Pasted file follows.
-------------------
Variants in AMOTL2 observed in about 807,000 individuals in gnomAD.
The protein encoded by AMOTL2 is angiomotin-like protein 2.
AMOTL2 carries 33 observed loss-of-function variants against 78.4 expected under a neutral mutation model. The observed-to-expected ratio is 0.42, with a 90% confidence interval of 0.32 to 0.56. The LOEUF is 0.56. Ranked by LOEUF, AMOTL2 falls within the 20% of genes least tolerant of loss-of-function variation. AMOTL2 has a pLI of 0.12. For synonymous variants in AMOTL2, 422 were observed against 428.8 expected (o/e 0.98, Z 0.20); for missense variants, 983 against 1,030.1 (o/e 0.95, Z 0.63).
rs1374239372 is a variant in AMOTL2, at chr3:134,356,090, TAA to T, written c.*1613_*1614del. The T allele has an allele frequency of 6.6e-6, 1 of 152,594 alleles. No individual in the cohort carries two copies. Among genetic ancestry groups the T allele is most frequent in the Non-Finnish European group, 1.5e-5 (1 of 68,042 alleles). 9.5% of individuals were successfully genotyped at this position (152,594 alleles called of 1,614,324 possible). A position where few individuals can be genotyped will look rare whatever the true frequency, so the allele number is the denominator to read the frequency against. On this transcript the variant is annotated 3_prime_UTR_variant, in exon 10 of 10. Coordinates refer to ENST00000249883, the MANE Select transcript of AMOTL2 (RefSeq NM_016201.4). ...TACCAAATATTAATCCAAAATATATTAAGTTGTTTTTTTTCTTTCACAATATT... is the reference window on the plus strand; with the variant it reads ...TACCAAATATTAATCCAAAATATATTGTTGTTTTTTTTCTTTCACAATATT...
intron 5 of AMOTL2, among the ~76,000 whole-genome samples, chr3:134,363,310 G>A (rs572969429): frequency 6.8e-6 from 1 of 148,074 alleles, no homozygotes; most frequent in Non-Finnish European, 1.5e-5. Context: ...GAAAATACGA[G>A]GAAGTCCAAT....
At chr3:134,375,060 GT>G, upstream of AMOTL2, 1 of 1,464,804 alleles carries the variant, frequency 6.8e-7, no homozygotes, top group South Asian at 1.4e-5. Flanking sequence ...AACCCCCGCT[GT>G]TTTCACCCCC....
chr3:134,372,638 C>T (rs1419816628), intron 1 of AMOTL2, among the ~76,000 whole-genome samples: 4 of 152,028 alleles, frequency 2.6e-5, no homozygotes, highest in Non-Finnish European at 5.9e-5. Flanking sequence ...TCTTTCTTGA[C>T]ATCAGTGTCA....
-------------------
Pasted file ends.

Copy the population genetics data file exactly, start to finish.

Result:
Variants in AMOTL2 observed in about 807,000 individuals in gnomAD.
The protein encoded by AMOTL2 is angiomotin-like protein 2.
AMOTL2 carries 33 observed loss-of-function variants against 78.4 expected under a neutral mutation model. The observed-to-expected ratio is 0.42, with a 90% confidence interval of 0.32 to 0.56. The LOEUF is 0.56. Ranked by LOEUF, AMOTL2 falls within the 20% of genes least tolerant of loss-of-function variation. AMOTL2 has a pLI of 0.12. For synonymous variants in AMOTL2, 422 were observed against 428.8 expected (o/e 0.98, Z 0.20); for missense variants, 983 against 1,030.1 (o/e 0.95, Z 0.63).
rs1374239372 is a variant in AMOTL2, at chr3:134,356,090, TAA to T, written c.*1613_*1614del. The T allele has an allele frequency of 6.6e-6, 1 of 152,594 alleles. No individual in the cohort carries two copies. Among genetic ancestry groups the T allele is most frequent in the Non-Finnish European group, 1.5e-5 (1 of 68,042 alleles). 9.5% of individuals were successfully genotyped at this position (152,594 alleles called of 1,614,324 possible). A position where few individuals can be genotyped will look rare whatever the true frequency, so the allele number is the denominator to read the frequency against. On this transcript the variant is annotated 3_prime_UTR_variant, in exon 10 of 10. Coordinates refer to ENST00000249883, the MANE Select transcript of AMOTL2 (RefSeq NM_016201.4). ...TACCAAATATTAATCCAAAATATATTAAGTTGTTTTTTTTCTTTCACAATATT... is the reference window on the plus strand; with the variant it reads ...TACCAAATATTAATCCAAAATATATTGTTGTTTTTTTTCTTTCACAATATT...
intron 5 of AMOTL2, among the ~76,000 whole-genome samples, chr3:134,363,310 G>A (rs572969429): frequency 6.8e-6 from 1 of 148,074 alleles, no homozygotes; most frequent in Non-Finnish European, 1.5e-5. Context: ...GAAAATACGA[G>A]GAAGTCCAAT....
At chr3:134,375,060 GT>G, upstream of AMOTL2, 1 of 1,464,804 alleles carries the variant, frequency 6.8e-7, no homozygotes, top group South Asian at 1.4e-5. Flanking sequence ...AACCCCCGCT[GT>G]TTTCACCCCC....
chr3:134,372,638 C>T (rs1419816628), intron 1 of AMOTL2, among the ~76,000 whole-genome samples: 4 of 152,028 alleles, frequency 2.6e-5, no homozygotes, highest in Non-Finnish European at 5.9e-5. Flanking sequence ...TCTTTCTTGA[C>T]ATCAGTGTCA....